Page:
Airframe Parts Programs... Good
by Jay Mesinger
That is one
of those questions that will get you as many positive
responses as negative responses. How does one weigh the
answers if they are so divided? Here is how we help clients
understand this important choice. First, just as a matter of
clarification, an airframe parts program is a fixed fee,
hourly or annually calculated insurance type coverage for
the airframe parts. It could be a Bombardier Smart Parts, or
Citation ProParts, or a JSSI Tip to Tail type plan that
covers avionics and airframe parts.
mention the word insurance, I must also say one never buys
insurance when they need it, so they always curse it when
they pay for it. When you need it is when you can really
assess its’ value. One clear way to evaluate any program's
worth would be to calculate if you have paid less or more on
a per-hour basis than the actual costs for parts purchased
during the period evaluated.
things may cause an owner to be enrolled in one of these
parts programs. Budgeting is the main reason that is often
stated as a justification for program enrollment. One knows
that every hour, the cost of parts and avionics is set and
fixed. This allows for an owner to take all the guesswork
out of budgeting and planning. This is especially helpful
for the first time buyer. There is so much to learn in new
aircraft ownership that equalizing the parts costs can be
aircraft with higher parts failure expectations are another
reason to fix the per-hour or annual parts costs. Parts
programs do not really vest or accumulate pass-along value.
Consequently, the ongoing value of a program does not pass
along to a new owner. The aircraft may qualify for a program
based on past enrollment, but there is no vested value that
accrues to the new owner.
If you were
to sell the plane prior to the end of the three or four-year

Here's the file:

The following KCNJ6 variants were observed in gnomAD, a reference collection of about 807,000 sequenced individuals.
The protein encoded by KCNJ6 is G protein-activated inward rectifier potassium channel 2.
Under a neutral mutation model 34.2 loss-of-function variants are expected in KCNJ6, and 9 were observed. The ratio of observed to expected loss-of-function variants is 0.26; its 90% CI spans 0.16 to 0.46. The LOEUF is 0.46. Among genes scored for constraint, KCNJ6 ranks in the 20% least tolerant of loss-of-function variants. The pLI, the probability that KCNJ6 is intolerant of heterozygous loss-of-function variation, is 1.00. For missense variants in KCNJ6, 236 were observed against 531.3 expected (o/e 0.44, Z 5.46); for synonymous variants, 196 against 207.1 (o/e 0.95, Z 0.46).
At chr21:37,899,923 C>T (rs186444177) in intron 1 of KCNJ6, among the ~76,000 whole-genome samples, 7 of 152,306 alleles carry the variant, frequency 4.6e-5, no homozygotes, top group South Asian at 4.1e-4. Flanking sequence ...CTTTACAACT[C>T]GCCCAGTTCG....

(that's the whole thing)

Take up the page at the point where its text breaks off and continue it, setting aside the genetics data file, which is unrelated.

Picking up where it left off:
parts program contract, the negative balance if one exists
must be paid by the owner (seller). This negative balance
occurs if what has been paid hourly over the course of
enrollment is less than the amount actually used in parts
placed on the aircraft.
Additionally, if you cancel a program mid-year the program
can also assess you the balance of the contracted peryear
hourly commitment compared with actual hours flown. For
instance, if the contract calls for you to fly and pay for
300 hours a year and you cancel after flying only 100 hours,
that year the fee to cancel could cost you the additional
per-hour cost of the 200 hours not flown! If, however, the
contract runs to term and you have a surplus in your account
that was created by paying more in than you used, you will
only get back 50-60% of the surplus.
You see, in
the end you either used more parts than you paid for,
creating a deficit, or the parts you have used costs you 40
to 50% more than if you were not on a program. The real
message here is about managing maintenance.
I once had
a first-time owner go on a parts program. They hired a
management company to oversee the operation. I told the
client and the management company that they shouldn't stop
managing the maintenance just because they were on a parts
program. The owner of the aircraft did not understand my
comment. When he sold his aircraft before the parts program
contract was up and received the deficit bill from the
program he began to see what I meant. His parts purchase
through the program included, for example, a ridiculous
amount of new avionics black boxes and new actuators, etc.
There was example after example of no real thought or
management with respect to maintenance. Every time the plane
broke the management company just called the program and
ordered a new part. They stopped managing and just worked to
make their job easy.
troubleshooting and common sense could have solved many of
the problems for considerably less money. More often than
not, just replacing a part with a new one did not solve the
problem. To the management company it was like free parts.
of course no free rides with an aircraft. It is ‘pay me now,
or pay me later’ in aviation. Engine programs often tend to
have different outcomes due to the pass along value of the
program. Unlike the parts programs, these engine programs
stay with the aircraft and there is never a deficit.
of these programs on your plane can really add go-forward
value to the plane. In fact the 100% programs like MSP and
Corporate Care and some JSSI programs make the plane seem as
if the engines are always "0" time.
A buyer of
a plane that sees it is on Smart Parts or Pro Parts should
be very careful to not assess added value to the plane. This
is a very different mind-set to evaluating an airplane that
is on a 100% engine program. That program participation is
real hard value. As always, understand the issues and
approach aviation with your eyes and ears open.
Jay Mesinger is the CEO of J. Mesinger Corporate
Jet Sales, Inc. He is on the NBAA Board of Directors
and is Vice Chairman of the AMAC. Additionally, he
served on the Duncan Aviation Customer Advisory
Board for two terms, is a member of MEBAA, EBAA
and is associated with IBAC.